It has undoubtedly been a few challenging months for everyone, with different pinch points and difficulties. However, I am going to set out my experience and share my learnings as a parent of two young boys, now aged five and eight, working through the pandemic.
It has been a bumpy ride for us, and just when we thought we were through the worst, we have once again returned to the thick of it, with some hard weeks and possibly months ahead.
Looking back to lockdown 1.0, I still remember leaving the office and saying goodbye to my colleagues, fully expecting to return in two or three weeks. How wrong was I? As I headed home, I gave little thought to home-schooling and juggling, fully expecting to take it in my stride.
Wake of the Pandemic
The challenges of working from home, with kids, can of course vary. For instance, a teenager, in secondary education, is likely to need less time and attention than an infant, toddler, or primary-schooler. However, I know from colleagues and family that teenagers provide their own challenges (none of which I’ve had the pleasure of experiencing yet).
As lockdown 1.0 kicked off, I was plunged into a sense of panic on what to teach and how! Luckily, the school stepped up and took that in hand. But then came the really hard part of actually doing the day job, whilst home-schooling one child, who was attending school, and another that was in nursery at the time. In the first couple of weeks, we muddled through, but with the perpetual guilt I felt as a mother, who was unable to give both work and home 100% attention.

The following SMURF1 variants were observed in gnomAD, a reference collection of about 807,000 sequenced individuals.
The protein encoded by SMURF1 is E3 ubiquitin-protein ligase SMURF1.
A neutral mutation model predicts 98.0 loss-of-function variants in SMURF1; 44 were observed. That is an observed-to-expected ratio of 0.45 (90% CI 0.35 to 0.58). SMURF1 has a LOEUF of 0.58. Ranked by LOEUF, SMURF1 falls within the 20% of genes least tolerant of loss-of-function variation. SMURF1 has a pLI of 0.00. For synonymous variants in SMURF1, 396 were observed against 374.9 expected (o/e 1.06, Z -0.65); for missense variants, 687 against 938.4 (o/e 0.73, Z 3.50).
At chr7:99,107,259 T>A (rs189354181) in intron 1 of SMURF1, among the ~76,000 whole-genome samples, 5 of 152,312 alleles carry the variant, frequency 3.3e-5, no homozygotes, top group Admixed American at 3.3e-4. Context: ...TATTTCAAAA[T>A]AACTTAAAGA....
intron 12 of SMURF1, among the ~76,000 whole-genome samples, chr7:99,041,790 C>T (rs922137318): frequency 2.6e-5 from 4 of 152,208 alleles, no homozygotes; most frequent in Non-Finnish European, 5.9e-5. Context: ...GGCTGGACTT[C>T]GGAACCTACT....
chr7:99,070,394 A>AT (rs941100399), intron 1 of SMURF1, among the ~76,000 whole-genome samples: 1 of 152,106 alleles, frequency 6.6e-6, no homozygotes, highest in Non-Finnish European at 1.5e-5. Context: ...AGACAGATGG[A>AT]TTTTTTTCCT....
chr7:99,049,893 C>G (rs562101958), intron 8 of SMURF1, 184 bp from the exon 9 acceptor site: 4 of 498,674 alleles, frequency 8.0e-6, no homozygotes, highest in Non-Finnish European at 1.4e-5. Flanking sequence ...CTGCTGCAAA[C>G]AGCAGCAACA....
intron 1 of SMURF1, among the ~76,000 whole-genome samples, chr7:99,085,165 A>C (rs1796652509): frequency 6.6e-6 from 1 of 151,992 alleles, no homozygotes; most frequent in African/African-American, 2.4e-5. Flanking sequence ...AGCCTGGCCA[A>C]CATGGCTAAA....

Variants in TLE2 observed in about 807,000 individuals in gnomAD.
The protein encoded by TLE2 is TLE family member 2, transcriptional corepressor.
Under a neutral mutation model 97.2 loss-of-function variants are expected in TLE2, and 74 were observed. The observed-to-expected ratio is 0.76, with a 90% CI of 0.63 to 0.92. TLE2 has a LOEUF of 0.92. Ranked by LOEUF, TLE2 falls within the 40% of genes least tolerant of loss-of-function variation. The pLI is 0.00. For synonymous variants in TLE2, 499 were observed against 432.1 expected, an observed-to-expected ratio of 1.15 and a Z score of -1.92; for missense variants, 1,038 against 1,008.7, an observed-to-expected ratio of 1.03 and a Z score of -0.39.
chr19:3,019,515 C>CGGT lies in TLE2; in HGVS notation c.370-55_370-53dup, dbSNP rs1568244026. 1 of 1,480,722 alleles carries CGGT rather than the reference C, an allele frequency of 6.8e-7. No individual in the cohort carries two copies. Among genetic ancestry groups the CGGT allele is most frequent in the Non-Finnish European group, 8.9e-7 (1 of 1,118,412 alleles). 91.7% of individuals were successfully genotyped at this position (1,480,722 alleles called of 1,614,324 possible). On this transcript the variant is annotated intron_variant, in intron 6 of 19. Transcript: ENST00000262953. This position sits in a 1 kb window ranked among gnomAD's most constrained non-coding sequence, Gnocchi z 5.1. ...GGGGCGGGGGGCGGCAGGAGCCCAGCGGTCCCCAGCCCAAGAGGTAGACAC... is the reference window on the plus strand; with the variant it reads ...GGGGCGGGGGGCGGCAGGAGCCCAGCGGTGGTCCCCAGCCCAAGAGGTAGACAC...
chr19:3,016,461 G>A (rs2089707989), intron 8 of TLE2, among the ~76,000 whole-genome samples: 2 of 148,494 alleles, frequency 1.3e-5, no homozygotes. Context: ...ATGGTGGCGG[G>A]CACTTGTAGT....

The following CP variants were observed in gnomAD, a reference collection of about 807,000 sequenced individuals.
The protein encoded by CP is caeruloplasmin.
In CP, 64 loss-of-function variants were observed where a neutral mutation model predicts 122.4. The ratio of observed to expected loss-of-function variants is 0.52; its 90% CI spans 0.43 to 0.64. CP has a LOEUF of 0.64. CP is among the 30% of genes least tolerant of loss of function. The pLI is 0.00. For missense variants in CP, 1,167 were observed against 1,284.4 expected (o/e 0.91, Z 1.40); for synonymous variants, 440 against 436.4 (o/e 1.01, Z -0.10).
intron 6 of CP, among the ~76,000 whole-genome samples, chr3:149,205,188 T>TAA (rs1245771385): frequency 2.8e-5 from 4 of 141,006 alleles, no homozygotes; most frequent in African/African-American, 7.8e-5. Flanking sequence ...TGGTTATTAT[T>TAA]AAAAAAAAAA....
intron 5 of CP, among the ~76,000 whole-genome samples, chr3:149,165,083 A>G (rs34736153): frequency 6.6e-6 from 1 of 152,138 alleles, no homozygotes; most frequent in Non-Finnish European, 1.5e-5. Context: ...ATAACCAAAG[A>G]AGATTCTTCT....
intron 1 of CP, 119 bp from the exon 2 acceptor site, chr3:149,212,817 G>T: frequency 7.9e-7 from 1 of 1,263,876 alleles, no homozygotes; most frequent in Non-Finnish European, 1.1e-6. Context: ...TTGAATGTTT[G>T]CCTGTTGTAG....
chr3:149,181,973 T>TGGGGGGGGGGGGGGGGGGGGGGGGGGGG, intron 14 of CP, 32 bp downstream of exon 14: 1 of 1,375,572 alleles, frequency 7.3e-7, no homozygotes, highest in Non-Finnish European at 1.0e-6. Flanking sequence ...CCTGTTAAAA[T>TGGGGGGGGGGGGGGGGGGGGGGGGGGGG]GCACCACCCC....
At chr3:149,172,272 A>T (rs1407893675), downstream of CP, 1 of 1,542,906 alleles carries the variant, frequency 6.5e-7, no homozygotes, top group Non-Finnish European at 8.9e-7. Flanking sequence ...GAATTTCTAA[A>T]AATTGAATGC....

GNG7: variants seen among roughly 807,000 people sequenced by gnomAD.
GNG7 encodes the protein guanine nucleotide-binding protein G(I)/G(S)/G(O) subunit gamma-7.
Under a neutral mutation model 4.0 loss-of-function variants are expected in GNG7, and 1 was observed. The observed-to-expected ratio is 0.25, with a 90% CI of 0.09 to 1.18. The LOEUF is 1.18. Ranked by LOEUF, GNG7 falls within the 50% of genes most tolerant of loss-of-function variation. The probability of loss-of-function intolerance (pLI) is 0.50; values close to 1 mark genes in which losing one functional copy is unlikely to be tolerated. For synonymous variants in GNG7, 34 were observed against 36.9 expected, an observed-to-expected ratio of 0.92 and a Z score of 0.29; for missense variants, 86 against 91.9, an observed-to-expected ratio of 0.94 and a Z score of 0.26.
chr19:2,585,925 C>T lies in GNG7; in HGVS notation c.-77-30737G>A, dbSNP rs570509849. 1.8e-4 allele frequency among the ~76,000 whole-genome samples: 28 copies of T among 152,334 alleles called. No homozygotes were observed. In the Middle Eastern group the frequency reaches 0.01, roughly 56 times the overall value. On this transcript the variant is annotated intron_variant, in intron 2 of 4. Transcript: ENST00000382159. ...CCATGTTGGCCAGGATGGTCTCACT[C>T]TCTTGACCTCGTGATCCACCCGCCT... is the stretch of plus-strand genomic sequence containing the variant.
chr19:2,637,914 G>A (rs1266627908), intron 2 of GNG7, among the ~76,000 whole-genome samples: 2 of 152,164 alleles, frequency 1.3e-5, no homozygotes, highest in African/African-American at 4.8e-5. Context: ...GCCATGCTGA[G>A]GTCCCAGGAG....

I realised quickly things needed to change. I had to let go of the guilt and accept that us parents can only do our best. Not only that, I needed to ensure I maintained a good work-life balance. I also had a duty of care to myself, so that I could then take care of my family’s needs.
So, what did I learn and change in lockdown 1.0 that may help, now we’ve entered the latest UK lockdown:
Employers are willing to help, they (generally speaking) don’t want you to fail and they certainly don’t want you to burn out. Speak about how you’re feeling and where the struggles lie. You should be able to find a solution that works for both parties.
Also, be honest with your child’s school, they again are willing to help. If the work is a challenge, tell them! Or if it’s incomplete, for whatever reason, communicate with them. Don’t do what I heard one parent recently doing, and that is complete their child’s work for them. That isn’t achieving anything, and you WILL get caught out.
Take some time off. Today, a supplier of ours mentioned that he’d taken a series of half-day holidays as it had all become a bit much. Take a break! Go for that walk because a change of scenery will help everyone.
Don’t sweat the small stuff
If your child has only managed to complete a bit of their work, take that as a win. Focus on the subjects that matter. Similarly, we all have a number of time-consuming, non-essential tasks. See if you can simplify your workload. Forget about the piles of laundry. If your kids do indulge in more screen time than preferred, that’s fine too.